The NHS is being urged to allow more terminally ill people to die at their homes in order to free up beds and save the service millions of pounds.
According to the Office of National Statistics, 85% of the people who died in hospital in 2013 had expressed a desire to die at home.
Cancer charity Marie Curie predicts that during the course of the next Parliament, around 1.4 million people could die in hospital despite wanting to do so at home.
Marie Curie says the reasons for this include lack of 24/7 community support, poor coordination between services and the failure to provide fast and free social care support for people at the end of thieir life.
The charity believes the NHS could save millions of pounds at a time when its funding is being cut by allowing patients to die at home as they request, with total care costs being as much as £500 lower per person.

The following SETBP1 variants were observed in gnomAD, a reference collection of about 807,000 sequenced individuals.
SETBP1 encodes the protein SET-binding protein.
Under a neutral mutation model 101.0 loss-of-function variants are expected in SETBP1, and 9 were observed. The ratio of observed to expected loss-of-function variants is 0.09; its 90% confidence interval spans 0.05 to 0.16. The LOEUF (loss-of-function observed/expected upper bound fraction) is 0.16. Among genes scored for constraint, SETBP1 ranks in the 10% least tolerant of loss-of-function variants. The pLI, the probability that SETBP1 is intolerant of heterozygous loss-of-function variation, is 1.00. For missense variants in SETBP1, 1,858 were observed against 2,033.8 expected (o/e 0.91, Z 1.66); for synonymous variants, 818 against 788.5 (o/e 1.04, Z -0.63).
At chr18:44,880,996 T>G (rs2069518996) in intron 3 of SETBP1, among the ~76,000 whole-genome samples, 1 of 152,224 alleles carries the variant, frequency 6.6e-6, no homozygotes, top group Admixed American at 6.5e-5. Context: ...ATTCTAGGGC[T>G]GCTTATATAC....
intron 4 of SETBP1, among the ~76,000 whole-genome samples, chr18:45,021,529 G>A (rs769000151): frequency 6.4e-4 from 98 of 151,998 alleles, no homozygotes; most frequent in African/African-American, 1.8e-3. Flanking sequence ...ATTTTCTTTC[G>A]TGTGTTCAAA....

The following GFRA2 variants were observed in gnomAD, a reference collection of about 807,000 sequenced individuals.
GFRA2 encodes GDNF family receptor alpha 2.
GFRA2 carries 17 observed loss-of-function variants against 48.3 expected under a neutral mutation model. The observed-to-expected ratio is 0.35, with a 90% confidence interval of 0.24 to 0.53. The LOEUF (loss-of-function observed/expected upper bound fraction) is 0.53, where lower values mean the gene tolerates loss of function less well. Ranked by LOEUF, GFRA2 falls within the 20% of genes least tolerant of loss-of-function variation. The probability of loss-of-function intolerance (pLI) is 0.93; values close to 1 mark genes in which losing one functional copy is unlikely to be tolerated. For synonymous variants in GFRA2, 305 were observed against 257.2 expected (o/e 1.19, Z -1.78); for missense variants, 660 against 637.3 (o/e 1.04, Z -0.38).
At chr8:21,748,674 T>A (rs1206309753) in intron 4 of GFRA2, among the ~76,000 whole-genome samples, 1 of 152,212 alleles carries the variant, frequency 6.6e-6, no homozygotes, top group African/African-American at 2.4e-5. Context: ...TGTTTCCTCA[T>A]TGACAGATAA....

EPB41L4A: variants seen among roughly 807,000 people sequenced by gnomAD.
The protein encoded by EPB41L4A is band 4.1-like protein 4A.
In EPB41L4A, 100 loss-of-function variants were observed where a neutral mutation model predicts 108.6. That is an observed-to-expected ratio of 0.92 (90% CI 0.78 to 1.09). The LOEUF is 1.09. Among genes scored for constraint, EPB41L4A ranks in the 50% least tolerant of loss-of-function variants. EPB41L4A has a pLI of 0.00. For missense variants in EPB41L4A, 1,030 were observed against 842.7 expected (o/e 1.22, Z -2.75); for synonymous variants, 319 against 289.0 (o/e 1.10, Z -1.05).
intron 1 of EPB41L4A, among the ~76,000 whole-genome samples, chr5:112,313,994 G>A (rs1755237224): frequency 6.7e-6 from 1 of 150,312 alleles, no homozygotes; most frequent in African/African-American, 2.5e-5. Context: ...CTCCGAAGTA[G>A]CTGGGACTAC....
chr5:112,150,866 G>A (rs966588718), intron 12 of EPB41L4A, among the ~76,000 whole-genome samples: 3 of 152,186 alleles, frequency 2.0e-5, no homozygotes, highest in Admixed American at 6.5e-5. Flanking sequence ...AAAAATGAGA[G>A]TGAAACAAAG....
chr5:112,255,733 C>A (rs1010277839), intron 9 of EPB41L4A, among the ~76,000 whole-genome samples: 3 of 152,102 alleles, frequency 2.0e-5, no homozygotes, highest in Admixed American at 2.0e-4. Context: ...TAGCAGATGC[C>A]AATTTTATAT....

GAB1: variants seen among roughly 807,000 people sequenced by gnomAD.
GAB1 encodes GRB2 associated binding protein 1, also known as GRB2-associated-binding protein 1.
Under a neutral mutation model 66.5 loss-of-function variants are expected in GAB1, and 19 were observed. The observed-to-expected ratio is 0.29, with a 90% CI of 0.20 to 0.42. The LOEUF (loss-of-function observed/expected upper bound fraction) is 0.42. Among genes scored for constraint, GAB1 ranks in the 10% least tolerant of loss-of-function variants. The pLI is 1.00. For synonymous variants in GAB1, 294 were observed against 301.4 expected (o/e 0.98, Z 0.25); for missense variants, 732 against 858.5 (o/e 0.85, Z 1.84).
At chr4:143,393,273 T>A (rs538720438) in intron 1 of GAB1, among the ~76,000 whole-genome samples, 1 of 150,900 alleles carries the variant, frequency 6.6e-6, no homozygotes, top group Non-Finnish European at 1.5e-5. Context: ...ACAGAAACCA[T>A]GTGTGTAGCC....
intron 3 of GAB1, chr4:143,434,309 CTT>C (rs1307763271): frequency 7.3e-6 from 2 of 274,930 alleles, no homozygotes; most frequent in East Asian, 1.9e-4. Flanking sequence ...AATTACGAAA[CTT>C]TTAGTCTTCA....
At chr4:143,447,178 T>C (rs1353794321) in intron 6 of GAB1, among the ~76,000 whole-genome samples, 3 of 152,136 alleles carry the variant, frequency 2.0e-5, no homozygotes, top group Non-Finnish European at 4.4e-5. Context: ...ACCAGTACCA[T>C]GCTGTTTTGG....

Dr Jane Collins, chief executive of Marie Curie, said: "It's time to change the way we care for people with a terminal illness.
"Fewer than 5% of people say they want to be in hospital at the end of their lives, yet around 50% of people who die do so in hospital, often with no clinical need to be there.
"Pressure is increasing on NHS budgets and A&E departments are already overstretched.
"The evidence shows that it makes financial sense for the NHS to support people to be cared for at home in their last weeks and days. This is also what the majority of people with a terminal illness would prefer.
"Together, we are calling on all parties and the next government to set out how they will introduce fast and free social care for everyone nearing the end of their lives to reduce pressure on hospitals and deliver genuine choice."